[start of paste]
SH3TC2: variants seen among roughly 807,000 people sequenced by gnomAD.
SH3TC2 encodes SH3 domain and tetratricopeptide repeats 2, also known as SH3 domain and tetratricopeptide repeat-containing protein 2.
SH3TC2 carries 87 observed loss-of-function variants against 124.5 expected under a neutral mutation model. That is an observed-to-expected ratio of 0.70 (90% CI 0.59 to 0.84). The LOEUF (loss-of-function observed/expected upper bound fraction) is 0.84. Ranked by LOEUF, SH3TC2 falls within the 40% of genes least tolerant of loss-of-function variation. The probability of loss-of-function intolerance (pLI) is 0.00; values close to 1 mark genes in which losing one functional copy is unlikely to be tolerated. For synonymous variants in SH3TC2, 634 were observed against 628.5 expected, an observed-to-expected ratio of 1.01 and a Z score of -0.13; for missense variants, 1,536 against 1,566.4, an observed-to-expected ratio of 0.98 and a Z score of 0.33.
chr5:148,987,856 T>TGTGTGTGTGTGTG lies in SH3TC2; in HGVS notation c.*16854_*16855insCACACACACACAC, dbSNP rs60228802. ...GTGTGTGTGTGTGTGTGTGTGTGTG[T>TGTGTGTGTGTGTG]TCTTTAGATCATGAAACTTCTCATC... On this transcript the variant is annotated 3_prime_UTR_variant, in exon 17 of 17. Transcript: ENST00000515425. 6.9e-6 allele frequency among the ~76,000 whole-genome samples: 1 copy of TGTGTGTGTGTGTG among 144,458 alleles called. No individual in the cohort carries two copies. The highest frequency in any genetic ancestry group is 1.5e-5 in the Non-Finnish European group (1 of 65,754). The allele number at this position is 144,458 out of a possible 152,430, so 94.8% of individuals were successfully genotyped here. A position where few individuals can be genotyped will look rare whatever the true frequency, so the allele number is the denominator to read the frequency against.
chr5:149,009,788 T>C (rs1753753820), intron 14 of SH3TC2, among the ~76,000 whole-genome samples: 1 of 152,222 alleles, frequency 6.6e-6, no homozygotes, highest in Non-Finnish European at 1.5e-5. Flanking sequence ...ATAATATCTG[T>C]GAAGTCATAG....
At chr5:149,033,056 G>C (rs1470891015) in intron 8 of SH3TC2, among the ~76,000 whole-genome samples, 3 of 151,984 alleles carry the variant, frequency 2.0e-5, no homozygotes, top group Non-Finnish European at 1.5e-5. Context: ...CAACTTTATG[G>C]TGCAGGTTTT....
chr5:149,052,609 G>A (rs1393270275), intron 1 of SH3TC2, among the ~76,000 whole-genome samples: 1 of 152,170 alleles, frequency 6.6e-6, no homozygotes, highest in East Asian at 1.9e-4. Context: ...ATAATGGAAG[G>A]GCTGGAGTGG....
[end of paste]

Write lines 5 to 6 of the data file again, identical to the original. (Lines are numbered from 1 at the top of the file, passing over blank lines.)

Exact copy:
chr5:149,009,788 T>C (rs1753753820), intron 14 of SH3TC2, among the ~76,000 whole-genome samples: 1 of 152,222 alleles, frequency 6.6e-6, no homozygotes, highest in Non-Finnish European at 1.5e-5. Flanking sequence ...ATAATATCTG[T>C]GAAGTCATAG....
At chr5:149,033,056 G>C (rs1470891015) in intron 8 of SH3TC2, among the ~76,000 whole-genome samples, 3 of 151,984 alleles carry the variant, frequency 2.0e-5, no homozygotes, top group Non-Finnish European at 1.5e-5. Context: ...CAACTTTATG[G>C]TGCAGGTTTT....